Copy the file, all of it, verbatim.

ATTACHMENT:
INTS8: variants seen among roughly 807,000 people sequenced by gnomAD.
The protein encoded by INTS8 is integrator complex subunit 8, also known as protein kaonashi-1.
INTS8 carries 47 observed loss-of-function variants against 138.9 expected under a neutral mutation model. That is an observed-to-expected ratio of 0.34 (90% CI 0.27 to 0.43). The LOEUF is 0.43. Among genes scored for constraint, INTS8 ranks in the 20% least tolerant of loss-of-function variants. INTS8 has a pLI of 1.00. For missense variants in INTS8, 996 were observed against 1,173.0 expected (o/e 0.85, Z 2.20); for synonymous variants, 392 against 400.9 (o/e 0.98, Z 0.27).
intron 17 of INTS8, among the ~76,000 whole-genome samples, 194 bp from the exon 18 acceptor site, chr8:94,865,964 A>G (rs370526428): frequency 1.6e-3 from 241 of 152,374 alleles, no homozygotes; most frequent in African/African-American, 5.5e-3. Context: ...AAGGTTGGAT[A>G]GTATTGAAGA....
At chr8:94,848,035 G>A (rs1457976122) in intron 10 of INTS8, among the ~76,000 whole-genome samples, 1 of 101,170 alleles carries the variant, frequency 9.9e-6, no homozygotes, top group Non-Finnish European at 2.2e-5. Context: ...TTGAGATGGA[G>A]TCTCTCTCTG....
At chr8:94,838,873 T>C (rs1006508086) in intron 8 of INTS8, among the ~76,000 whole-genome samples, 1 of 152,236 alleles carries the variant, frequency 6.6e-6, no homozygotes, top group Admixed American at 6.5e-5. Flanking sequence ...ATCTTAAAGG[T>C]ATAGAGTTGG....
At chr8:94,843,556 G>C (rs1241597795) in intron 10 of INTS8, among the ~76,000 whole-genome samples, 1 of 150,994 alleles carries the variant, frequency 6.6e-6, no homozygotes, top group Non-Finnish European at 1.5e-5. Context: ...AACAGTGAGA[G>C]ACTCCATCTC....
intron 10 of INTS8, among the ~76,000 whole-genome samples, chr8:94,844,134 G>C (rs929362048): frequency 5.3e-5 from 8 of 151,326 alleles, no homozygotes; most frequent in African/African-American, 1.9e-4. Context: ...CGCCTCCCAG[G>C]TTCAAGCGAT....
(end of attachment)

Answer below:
INTS8: variants seen among roughly 807,000 people sequenced by gnomAD.
The protein encoded by INTS8 is integrator complex subunit 8, also known as protein kaonashi-1.
INTS8 carries 47 observed loss-of-function variants against 138.9 expected under a neutral mutation model. That is an observed-to-expected ratio of 0.34 (90% CI 0.27 to 0.43). The LOEUF is 0.43. Among genes scored for constraint, INTS8 ranks in the 20% least tolerant of loss-of-function variants. INTS8 has a pLI of 1.00. For missense variants in INTS8, 996 were observed against 1,173.0 expected (o/e 0.85, Z 2.20); for synonymous variants, 392 against 400.9 (o/e 0.98, Z 0.27).
intron 17 of INTS8, among the ~76,000 whole-genome samples, 194 bp from the exon 18 acceptor site, chr8:94,865,964 A>G (rs370526428): frequency 1.6e-3 from 241 of 152,374 alleles, no homozygotes; most frequent in African/African-American, 5.5e-3. Context: ...AAGGTTGGAT[A>G]GTATTGAAGA....
At chr8:94,848,035 G>A (rs1457976122) in intron 10 of INTS8, among the ~76,000 whole-genome samples, 1 of 101,170 alleles carries the variant, frequency 9.9e-6, no homozygotes, top group Non-Finnish European at 2.2e-5. Context: ...TTGAGATGGA[G>A]TCTCTCTCTG....
At chr8:94,838,873 T>C (rs1006508086) in intron 8 of INTS8, among the ~76,000 whole-genome samples, 1 of 152,236 alleles carries the variant, frequency 6.6e-6, no homozygotes, top group Admixed American at 6.5e-5. Flanking sequence ...ATCTTAAAGG[T>C]ATAGAGTTGG....
At chr8:94,843,556 G>C (rs1241597795) in intron 10 of INTS8, among the ~76,000 whole-genome samples, 1 of 150,994 alleles carries the variant, frequency 6.6e-6, no homozygotes, top group Non-Finnish European at 1.5e-5. Context: ...AACAGTGAGA[G>C]ACTCCATCTC....
intron 10 of INTS8, among the ~76,000 whole-genome samples, chr8:94,844,134 G>C (rs929362048): frequency 5.3e-5 from 8 of 151,326 alleles, no homozygotes; most frequent in African/African-American, 1.9e-4. Context: ...CGCCTCCCAG[G>C]TTCAAGCGAT....